This article talks about Master of Arts (M.A.) degree programs in Teaching and their education requirements, coursework, job and wage outlook, and continuing education choices.
Master of Arts (M.A.) Programs in Teaching
Students seeking a career in education would benefit by enrolling into a Master of Arts (M.A.) degree in Teaching that offers specializations such as middle school or early childhood education. Students learn about classroom management techniques, different teaching methods, and appropriate ways of working with children. Some schools offer highly flexible programs where enrolled students can design a curriculum in accordance with their career interests. Most programs include traditional learning and student teaching experience supervised by a licensed teacher. Enrollees in these programs will meet licensure requirements in their individual state.
Admission criteria typically require incoming students to hold an undergraduate degree apart from meeting a minimum GPA requirement of 3.0, and submitting two or three letters of recommendation, and passing scores on the GRE. An essay may have to be completed by students following guidelines provided by the school.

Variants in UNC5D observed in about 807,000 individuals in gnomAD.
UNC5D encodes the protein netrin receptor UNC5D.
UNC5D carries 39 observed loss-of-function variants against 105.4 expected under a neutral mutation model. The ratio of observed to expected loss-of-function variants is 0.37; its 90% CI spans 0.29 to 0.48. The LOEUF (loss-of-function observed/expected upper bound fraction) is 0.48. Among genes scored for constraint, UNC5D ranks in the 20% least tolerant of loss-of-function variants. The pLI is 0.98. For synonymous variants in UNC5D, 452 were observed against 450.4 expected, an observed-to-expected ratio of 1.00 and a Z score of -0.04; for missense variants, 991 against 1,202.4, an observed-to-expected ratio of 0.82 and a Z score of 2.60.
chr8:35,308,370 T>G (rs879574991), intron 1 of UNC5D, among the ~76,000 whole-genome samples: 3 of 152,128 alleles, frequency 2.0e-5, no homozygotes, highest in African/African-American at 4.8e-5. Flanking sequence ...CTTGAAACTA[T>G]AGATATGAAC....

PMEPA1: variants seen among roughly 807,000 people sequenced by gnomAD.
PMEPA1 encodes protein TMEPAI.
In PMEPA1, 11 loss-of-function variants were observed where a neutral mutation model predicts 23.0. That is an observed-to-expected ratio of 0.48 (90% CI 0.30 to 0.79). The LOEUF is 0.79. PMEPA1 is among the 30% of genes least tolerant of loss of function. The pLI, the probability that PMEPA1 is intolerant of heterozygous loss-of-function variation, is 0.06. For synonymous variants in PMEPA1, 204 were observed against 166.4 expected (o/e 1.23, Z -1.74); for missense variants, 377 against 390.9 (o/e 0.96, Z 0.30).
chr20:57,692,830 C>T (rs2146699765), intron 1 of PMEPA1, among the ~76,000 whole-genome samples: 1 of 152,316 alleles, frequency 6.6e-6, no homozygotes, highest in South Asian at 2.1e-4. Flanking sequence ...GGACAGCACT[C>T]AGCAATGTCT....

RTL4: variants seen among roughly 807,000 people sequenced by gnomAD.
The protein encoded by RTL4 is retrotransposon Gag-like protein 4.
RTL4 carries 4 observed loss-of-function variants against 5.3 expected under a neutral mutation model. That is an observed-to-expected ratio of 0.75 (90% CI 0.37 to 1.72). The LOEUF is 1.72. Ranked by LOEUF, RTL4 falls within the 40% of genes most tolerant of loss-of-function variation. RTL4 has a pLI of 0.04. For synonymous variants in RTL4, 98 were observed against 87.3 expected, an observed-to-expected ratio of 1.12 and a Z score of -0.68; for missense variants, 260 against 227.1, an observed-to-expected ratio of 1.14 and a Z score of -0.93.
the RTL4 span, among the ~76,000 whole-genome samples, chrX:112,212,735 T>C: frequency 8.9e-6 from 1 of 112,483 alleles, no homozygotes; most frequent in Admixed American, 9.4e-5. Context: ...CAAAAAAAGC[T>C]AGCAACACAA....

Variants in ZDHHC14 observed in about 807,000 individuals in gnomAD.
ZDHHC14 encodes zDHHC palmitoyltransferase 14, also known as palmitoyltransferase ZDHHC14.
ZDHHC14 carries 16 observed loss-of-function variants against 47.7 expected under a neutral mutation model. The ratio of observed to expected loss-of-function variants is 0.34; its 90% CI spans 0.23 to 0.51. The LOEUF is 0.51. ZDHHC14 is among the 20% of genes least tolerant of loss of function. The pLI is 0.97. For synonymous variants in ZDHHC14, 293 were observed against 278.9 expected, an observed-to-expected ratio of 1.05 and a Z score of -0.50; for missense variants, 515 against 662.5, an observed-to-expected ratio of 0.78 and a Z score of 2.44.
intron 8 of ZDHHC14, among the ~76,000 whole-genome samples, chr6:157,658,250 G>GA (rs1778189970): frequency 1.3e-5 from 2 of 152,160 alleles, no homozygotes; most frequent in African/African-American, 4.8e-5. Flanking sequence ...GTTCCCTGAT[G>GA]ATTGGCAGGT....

While coursework in flexible programs may provide many course options, common topics covered include human development and teaching strategies. Core coursework may cover topic areas such as:
•Child and adolescent development
•Teaching diverse learners
•Effective teaching strategies
•Teaching and curriculum
Job and Wage Outlook
Over the 2012 – 2022 decade, a job growth rate of twelve percent has been predicted for elementary school teachers (U.S. Bureau of Labor Statistics). Over the same period, middle school teachers are likely to witness a twelve percent job growth. High school teachers are expected to witness a job growth rate of six percent. In May 2012, kindergarten teachers brought in an average annual wage of $53,090, while secondary school teachers earned $55,050 per annum, on average (BLS).
Continuing Education Choices
After they complete a degree program, program graduates will have to gain state licensure to be able to teach in a public school system. While every state may have its licensing standards, common requirements include testing for the subject area or grade level that the program graduate wishes to teach, apart from his or her basic skills. Individuals may have to pursue continuing education to maintain licensure. Individuals seeking to continue their academic career may enroll into a doctoral program.